The Story Book is definitely one I’m pleased to add to my writer’s bookshelf and a book I’m sure I will refer to many times while I’m editing my books.
David begins with an explanation of what Story means to society and how humans may have come to use narrative to pass on information and instructions to each other and to the next generations.
This exposition resonated with me because the project I’ll soon be launching involves reworking fairytales to offer an alternative to parents concerned about the patriarchal subtext of the traditional Grimm and Disney versions and how these stories have “shaped the minds” of children in the past.
Most writers think they must write subtext in order to deliver an underlying story. This is wrong… If the story is created using knowledge gaps, then the real story is received in subtext.”
David Baboulene, The Story Book, page 30.
Subtext, and how to generate it effectively within a story, forms the heart of The Story Book. Author David Baboulene is currently writing a Ph.D thesis, which includes the theory that the more subtext a story contains the more satisfying the reader/audience finds it. If you haven’t previously considered subtext as an important element of your storytelling, this book is a must-read.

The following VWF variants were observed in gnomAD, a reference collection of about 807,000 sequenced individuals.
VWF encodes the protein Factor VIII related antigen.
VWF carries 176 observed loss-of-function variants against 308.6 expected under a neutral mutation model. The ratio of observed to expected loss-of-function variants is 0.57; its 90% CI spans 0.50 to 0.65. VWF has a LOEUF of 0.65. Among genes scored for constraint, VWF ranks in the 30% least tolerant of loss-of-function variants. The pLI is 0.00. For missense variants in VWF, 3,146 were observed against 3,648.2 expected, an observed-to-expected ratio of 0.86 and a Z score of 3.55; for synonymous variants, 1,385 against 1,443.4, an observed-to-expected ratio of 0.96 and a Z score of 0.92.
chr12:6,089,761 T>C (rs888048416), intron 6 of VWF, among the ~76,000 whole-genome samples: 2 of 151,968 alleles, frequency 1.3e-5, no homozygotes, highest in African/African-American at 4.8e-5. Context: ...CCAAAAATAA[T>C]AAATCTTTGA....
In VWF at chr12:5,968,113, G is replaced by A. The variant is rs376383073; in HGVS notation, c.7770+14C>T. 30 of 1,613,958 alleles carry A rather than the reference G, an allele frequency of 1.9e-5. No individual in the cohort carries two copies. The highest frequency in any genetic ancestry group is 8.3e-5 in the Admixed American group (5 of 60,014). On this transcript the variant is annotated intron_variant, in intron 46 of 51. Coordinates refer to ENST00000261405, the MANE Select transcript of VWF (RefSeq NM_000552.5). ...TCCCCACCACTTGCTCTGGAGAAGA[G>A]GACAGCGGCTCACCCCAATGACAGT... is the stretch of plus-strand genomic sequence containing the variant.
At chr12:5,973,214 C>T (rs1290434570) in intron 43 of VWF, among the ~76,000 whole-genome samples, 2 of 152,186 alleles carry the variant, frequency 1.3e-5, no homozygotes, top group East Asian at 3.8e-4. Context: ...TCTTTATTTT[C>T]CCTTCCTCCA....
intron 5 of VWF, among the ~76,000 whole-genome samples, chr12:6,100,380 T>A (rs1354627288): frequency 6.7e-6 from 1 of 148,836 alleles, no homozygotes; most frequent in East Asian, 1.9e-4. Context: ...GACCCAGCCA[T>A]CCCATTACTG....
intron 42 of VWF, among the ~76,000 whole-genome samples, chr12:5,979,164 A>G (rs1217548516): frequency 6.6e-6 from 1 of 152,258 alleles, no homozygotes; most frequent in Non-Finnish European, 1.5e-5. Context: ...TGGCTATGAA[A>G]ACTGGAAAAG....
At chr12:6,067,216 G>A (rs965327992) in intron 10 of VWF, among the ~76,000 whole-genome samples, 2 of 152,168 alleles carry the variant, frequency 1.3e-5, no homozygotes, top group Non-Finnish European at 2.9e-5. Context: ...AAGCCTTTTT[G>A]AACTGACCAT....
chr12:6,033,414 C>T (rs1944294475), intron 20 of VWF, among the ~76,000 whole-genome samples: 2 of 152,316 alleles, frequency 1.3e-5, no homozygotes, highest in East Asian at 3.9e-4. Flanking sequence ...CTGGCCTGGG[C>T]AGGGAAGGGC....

David explains the nuts and bolts of various structural techniques very clearly. The movie Back to the Future is the main story example in this section and since this is a movie series I have seen numerous times I found it very easy to follow David’s reasoning so far.
The Story Book is a good companion to take on your writing journey. Beginner writers might benefit from waiting until they have completed at least a first draft before delving into this book as the level of detailed analysis and academic presentation could be overwhelming. More advanced writers may find The Story Book useful for the planning phase of a manuscript as well as for editing and revision.
My review copy was sent to me by the author.